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Minions Review

Good

Utterly charming, this silly prequel rewrites the origin story of the minions and sends them on a series of adventures that are gently anarchic and refreshingly low-key for an animated blockbuster. The film has an unusually gentle tone, with some real visual artistry to it rather than the cookie-cutter story structure and imagery in most summer movies. And while it's not riotously funny, children will be mesmerised and adults will be smiling.

It opens at the dawn of time, as minions evolve into yellow pill-shaped sidekicks who serve their evil masters throughout history. When they find themselves without a leader, they try to build a society in an arctic cave, but something just isn't right. So Kevin, Stuart and Bob (voiced in Esperanto-style gibberish by director Pierre Coffin) head off to 1968 New York to find a villain to work for. There they hear about ruthless baddie Scarlet Overkill (Sandra Bullock), so they head to Villain-Con in Orlando to meet her. She's impressed by their loyalty and takes them to London to work with her inventor husband Herb (Jon Hamm) on a nefarious plan to steal the British crown from the Queen (Jennifer Saunders). But nothing goes quite as planned.

Since it's set in the 1960s, the filmmakers give the film a groovy vibe, with sun-drenched animation and hilariously colourful details in every scene. Adults are more likely to catch references to things like the Monkees, Hair or Bewitched, but kids will enjoy the general silliness, including lots of chances to sing along with the minions as they babble through classic tunes. Thankfully, directors Coffin and Kyle Balda resist temptation to use the standard animation formula, opting instead for a meandering pace, a less pushy moral message and action scenes that emerge from the plot, settings and characters. And the starry voice cast refreshingly disappears into the characters.

Continue reading: Minions Review

Close, But No Cigar: Critics Agree That 'The Book Thief' Hits a Bum Note


Geoffrey Rush Sophie Nelisse

Like many films, The Book Thief is based on an internationally renown and bestselling book of the same name. Unfortunately, the cinematic adaptation hasn’t managed to translate the story in the same way its written opposite number did, and the critics are basically unanimous in their ‘nearly, but not quite’ deductions.

The Book ThiefThe Book Thief, starring Sophie Nelisse

The story sees young Liesel – a girl forced into adoption – find solace from the gruesome realities of the second world war by stealing books and sharing them with likeminded sufferers; leaning to read in the meantime.

Continue reading: Close, But No Cigar: Critics Agree That 'The Book Thief' Hits a Bum Note

The Book Thief Review


Grim

While there's a strong story in here about the power of literature and the fragility of life, this movie takes a far too wistful approach, so it feels like a cheesy bedtime yarn rather than a look at horrors of Nazi Germany. As a result, it's difficult to feel the full force of either the wrenchingly emotional events or the provocative themes.

Set in 1938, the story opens as irreverent 12-year-old Leisel (Nelisse) is taken away from her mother, who is accused of being a communist. She's then adopted by the childless couple Hans and Rosa (Rush and Watson). But while the cheerful artist Hans makes her feel at home, Rosa is relentlessly harsh. Leisel also reluctantly befriends neighbour boy Rolf (Liersch) and embarks on a series of adventures, including stealing books from Nazi book-burning rallies. But the mayor's wife (Auer) doesn't mind Leisel stealing books from her library. And when Hans and Rosa take in a Jewish refugee boy (Schnetzer), he encourages Leisel to start writing her own stories.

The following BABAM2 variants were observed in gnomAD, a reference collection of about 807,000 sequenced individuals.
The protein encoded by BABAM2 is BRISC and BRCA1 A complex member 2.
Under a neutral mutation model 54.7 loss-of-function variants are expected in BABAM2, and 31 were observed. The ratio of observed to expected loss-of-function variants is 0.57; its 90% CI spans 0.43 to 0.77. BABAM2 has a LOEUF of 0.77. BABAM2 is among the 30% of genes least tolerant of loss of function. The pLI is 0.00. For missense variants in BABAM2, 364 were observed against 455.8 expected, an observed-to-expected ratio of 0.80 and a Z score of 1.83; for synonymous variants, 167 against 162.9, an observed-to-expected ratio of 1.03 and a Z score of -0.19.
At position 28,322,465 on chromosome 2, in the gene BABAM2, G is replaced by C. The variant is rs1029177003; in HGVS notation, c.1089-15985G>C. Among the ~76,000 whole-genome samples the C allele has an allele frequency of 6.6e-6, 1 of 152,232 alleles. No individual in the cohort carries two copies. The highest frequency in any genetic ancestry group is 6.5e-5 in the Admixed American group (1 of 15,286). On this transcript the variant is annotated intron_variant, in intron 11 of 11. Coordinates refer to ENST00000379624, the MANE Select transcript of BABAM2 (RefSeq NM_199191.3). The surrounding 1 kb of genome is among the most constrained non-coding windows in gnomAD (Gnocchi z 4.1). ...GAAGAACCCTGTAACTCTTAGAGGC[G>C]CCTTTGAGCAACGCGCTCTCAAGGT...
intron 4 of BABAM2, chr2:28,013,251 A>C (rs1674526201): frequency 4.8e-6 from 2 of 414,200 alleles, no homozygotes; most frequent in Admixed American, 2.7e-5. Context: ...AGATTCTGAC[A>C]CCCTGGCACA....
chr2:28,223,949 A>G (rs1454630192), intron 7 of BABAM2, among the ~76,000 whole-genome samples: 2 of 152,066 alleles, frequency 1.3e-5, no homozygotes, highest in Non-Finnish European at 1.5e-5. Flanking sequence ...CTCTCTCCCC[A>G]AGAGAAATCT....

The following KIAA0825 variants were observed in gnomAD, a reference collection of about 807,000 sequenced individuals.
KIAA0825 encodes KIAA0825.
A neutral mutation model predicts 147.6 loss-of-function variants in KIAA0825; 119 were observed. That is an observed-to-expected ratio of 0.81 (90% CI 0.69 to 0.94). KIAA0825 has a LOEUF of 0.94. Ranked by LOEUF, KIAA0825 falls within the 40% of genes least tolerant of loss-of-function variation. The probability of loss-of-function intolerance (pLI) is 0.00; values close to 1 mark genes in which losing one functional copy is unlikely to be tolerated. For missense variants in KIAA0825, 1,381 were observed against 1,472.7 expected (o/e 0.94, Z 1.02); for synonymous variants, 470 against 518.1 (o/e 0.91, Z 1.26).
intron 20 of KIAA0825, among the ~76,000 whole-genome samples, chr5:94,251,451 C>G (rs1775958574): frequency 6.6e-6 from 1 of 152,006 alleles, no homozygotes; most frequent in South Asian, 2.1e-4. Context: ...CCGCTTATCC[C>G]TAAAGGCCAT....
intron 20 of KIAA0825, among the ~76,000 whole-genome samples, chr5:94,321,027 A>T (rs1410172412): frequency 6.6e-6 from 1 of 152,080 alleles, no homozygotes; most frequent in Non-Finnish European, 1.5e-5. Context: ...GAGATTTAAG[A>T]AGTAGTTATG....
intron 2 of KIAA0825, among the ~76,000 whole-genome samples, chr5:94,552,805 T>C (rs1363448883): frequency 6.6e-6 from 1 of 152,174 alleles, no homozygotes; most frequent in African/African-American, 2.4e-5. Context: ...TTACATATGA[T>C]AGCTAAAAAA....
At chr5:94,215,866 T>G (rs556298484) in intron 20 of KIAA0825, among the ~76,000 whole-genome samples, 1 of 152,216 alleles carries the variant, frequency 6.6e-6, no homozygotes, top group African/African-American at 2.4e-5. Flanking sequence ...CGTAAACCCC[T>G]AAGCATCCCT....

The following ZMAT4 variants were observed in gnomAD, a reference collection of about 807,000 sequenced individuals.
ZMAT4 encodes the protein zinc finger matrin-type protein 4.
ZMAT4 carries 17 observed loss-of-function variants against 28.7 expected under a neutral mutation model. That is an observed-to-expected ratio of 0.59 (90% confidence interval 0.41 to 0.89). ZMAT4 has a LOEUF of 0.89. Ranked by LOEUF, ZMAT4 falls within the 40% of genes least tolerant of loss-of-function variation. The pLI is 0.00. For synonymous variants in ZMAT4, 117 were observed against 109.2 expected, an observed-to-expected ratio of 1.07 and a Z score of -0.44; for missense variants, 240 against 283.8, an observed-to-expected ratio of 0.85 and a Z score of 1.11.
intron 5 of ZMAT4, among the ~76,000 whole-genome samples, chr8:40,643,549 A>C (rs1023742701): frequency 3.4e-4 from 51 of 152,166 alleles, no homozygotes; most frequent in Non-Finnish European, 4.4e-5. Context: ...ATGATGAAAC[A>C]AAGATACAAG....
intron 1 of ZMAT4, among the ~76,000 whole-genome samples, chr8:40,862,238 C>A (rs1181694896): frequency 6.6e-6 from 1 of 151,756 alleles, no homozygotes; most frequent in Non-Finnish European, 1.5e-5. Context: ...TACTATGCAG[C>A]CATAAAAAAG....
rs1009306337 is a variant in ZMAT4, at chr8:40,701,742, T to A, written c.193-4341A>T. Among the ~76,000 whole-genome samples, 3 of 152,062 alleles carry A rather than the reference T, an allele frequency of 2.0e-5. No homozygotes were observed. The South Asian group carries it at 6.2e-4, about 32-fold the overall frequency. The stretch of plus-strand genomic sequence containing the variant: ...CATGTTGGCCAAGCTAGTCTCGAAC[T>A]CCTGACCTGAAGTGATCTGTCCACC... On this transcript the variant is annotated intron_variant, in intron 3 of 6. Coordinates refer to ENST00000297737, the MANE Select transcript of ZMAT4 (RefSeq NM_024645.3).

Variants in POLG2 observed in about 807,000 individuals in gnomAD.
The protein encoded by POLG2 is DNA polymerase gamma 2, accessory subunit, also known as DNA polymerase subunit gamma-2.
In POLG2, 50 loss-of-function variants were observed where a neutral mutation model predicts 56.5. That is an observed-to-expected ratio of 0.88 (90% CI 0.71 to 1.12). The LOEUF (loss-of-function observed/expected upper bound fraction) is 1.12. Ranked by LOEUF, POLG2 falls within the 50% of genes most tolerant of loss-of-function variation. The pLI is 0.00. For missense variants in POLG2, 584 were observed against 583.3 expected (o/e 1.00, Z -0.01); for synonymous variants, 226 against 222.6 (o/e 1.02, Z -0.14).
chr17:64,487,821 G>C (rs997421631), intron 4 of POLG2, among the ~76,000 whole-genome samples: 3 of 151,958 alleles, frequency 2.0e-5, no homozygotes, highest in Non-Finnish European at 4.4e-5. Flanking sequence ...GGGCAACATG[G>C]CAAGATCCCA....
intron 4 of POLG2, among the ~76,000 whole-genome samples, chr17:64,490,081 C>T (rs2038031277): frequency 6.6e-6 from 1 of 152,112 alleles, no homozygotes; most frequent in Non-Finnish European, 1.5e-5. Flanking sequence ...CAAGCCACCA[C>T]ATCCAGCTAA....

Oddly, director Percival softens every dark element in Petroni's screenplay. The Nazis are like school playground bullies, while the Allied bombings leave buildings in rubble but dead bodies bizarrely intact and peaceful. Even the setting looks like a fairy tale, with magical snowdrifts and fanciful spires. And the strangest touch of all is the cheery voiceover narration by Death (Allam), which turns the most horrific atrocities into a kind of wry eventuality. Watching brutal murder presented as a sort of poetic justice is deeply disturbing.

Continue reading: The Book Thief Review

2014 GDay USA Los Angeles Black Tie Gala

Cate Blanchett and Geoffrey Rush - Celebrities attend 2014 G'DAY USA Los Angeles Black Tie Gala to honor Australians Geoffrey Rush, Jacki Weaver and chef Curtis Stone at JW Marriot at LA Live. - Los Angeles, California, United States - Saturday 11th January 2014

Cate Blanchett
Cate Blanchett
Cate Blanchett
Cate Blanchett
Cate Blanchett

2014 G'DAY USA Los Angeles Black Tie Gala

Cate Blanchett and Geoffrey Rush - 2014 G'DAY USA Los Angeles Black Tie Gala to honor Australians Geoffrey Rush, Jacki Weaver and chef Curtis Stone at JW Marriot at LA Live - Los Angeles, California, United States - Saturday 11th January 2014

Cate Blanchett
Cate Blanchett
Cate Blanchett
Cate Blanchett
Cate Blanchett

3rd AACTA International Awards

Geoffrey Rush - 3rd AACTA International Awards At Sunset Marquis Hotel - Los Angeles, California, United States - Saturday 11th January 2014

Geoffrey Rush
Geoffrey Rush
Geoffrey Rush
Geoffrey Rush
Yvonne Strahovski and Geoffrey Rush

Angelina Jolie, Steve Martin & Angela Lansbury Earn Honorary Recognition From The Academy’s Governors Awards


Angelina Jolie Steve Martin Angela Lansbury Brad Pitt Tom Hanks Martin Short George Lucas Emma Thompson Geoffrey Rush

Angelina Jolie, Steve Martin and Angela Lansbury were honoured on Saturday, 16 November, night at the Academy’s Governors Awards, in a night where emotions ran high and the awards circuit got off to a start. Jolie was perhaps the biggest celebrity name on the awards sheet, but it was Martin and Lansbury who stole the show with their heartfelt gratitude towards being honoured by the Academy for a career in front of the camera.

Angelina Jolie
Angelina Jolie was honoured for her humanitarian work

Jolie received the first standing ovation of the night though, picking up the Jean Hersholt Humanitarian Award for her continued, dedicated service to aid work across the globe. Attending the event with her hubby Brad Pitt and their son Maddox, Jolie accepted the award from George Lucas after being toasted in a video presentation featuring clips from her in the movies and in refuge camps and care-giving scenarios found across the globe. Receiving thank you's from four stars of her upcoming Bosnian war film In the Land of Blood and Honey, Gena Rowlands then toasted the star before she took to the stage, asking, “How does she have the time to do all this? She acts and directs, she has a large family… and she has to keep that smile on Brad’s face.”